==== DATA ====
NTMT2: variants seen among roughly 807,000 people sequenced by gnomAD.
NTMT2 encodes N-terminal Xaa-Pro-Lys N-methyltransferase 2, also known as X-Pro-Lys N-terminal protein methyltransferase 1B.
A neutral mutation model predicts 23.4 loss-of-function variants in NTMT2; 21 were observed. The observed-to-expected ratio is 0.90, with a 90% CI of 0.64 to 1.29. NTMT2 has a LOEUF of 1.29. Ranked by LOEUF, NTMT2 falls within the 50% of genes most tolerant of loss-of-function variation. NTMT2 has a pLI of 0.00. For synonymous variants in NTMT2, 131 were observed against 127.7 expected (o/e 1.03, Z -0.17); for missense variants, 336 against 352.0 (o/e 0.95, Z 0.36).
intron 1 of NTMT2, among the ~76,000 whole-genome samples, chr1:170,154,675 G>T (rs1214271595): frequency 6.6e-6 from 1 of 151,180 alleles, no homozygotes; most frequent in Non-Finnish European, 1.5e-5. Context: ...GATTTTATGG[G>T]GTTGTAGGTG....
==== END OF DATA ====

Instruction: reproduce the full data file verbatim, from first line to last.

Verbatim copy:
NTMT2: variants seen among roughly 807,000 people sequenced by gnomAD.
NTMT2 encodes N-terminal Xaa-Pro-Lys N-methyltransferase 2, also known as X-Pro-Lys N-terminal protein methyltransferase 1B.
A neutral mutation model predicts 23.4 loss-of-function variants in NTMT2; 21 were observed. The observed-to-expected ratio is 0.90, with a 90% CI of 0.64 to 1.29. NTMT2 has a LOEUF of 1.29. Ranked by LOEUF, NTMT2 falls within the 50% of genes most tolerant of loss-of-function variation. NTMT2 has a pLI of 0.00. For synonymous variants in NTMT2, 131 were observed against 127.7 expected (o/e 1.03, Z -0.17); for missense variants, 336 against 352.0 (o/e 0.95, Z 0.36).
intron 1 of NTMT2, among the ~76,000 whole-genome samples, chr1:170,154,675 G>T (rs1214271595): frequency 6.6e-6 from 1 of 151,180 alleles, no homozygotes; most frequent in Non-Finnish European, 1.5e-5. Context: ...GATTTTATGG[G>T]GTTGTAGGTG....